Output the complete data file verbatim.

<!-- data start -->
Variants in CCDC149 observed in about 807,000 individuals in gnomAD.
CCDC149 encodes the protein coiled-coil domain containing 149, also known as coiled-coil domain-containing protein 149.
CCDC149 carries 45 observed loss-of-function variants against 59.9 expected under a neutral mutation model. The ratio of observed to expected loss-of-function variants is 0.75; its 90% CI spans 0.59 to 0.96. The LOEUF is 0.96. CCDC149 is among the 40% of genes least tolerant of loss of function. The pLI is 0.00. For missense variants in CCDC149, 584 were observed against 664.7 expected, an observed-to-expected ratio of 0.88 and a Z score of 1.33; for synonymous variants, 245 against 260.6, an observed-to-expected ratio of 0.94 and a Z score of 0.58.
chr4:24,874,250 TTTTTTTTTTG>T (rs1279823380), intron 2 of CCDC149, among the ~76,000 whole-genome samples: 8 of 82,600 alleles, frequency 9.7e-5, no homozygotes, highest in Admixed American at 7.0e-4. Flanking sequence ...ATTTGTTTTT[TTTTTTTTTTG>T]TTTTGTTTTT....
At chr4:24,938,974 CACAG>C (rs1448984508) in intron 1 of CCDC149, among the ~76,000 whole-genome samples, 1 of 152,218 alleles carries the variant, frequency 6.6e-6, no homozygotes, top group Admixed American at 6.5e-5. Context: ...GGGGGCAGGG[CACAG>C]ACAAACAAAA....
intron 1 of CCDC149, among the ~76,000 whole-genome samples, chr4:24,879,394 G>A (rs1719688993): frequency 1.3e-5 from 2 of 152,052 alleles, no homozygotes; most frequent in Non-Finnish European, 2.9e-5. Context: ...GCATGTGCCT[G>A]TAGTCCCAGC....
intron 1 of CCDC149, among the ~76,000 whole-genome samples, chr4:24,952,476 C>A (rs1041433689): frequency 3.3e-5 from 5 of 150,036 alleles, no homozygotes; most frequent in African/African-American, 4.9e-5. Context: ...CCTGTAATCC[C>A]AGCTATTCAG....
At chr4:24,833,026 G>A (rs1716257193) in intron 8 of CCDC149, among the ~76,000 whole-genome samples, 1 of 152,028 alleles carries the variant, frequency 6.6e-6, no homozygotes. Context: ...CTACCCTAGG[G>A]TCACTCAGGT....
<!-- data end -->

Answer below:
Variants in CCDC149 observed in about 807,000 individuals in gnomAD.
CCDC149 encodes the protein coiled-coil domain containing 149, also known as coiled-coil domain-containing protein 149.
CCDC149 carries 45 observed loss-of-function variants against 59.9 expected under a neutral mutation model. The ratio of observed to expected loss-of-function variants is 0.75; its 90% CI spans 0.59 to 0.96. The LOEUF is 0.96. CCDC149 is among the 40% of genes least tolerant of loss of function. The pLI is 0.00. For missense variants in CCDC149, 584 were observed against 664.7 expected, an observed-to-expected ratio of 0.88 and a Z score of 1.33; for synonymous variants, 245 against 260.6, an observed-to-expected ratio of 0.94 and a Z score of 0.58.
chr4:24,874,250 TTTTTTTTTTG>T (rs1279823380), intron 2 of CCDC149, among the ~76,000 whole-genome samples: 8 of 82,600 alleles, frequency 9.7e-5, no homozygotes, highest in Admixed American at 7.0e-4. Flanking sequence ...ATTTGTTTTT[TTTTTTTTTTG>T]TTTTGTTTTT....
At chr4:24,938,974 CACAG>C (rs1448984508) in intron 1 of CCDC149, among the ~76,000 whole-genome samples, 1 of 152,218 alleles carries the variant, frequency 6.6e-6, no homozygotes, top group Admixed American at 6.5e-5. Context: ...GGGGGCAGGG[CACAG>C]ACAAACAAAA....
intron 1 of CCDC149, among the ~76,000 whole-genome samples, chr4:24,879,394 G>A (rs1719688993): frequency 1.3e-5 from 2 of 152,052 alleles, no homozygotes; most frequent in Non-Finnish European, 2.9e-5. Context: ...GCATGTGCCT[G>A]TAGTCCCAGC....
intron 1 of CCDC149, among the ~76,000 whole-genome samples, chr4:24,952,476 C>A (rs1041433689): frequency 3.3e-5 from 5 of 150,036 alleles, no homozygotes; most frequent in African/African-American, 4.9e-5. Context: ...CCTGTAATCC[C>A]AGCTATTCAG....
At chr4:24,833,026 G>A (rs1716257193) in intron 8 of CCDC149, among the ~76,000 whole-genome samples, 1 of 152,028 alleles carries the variant, frequency 6.6e-6, no homozygotes. Context: ...CTACCCTAGG[G>A]TCACTCAGGT....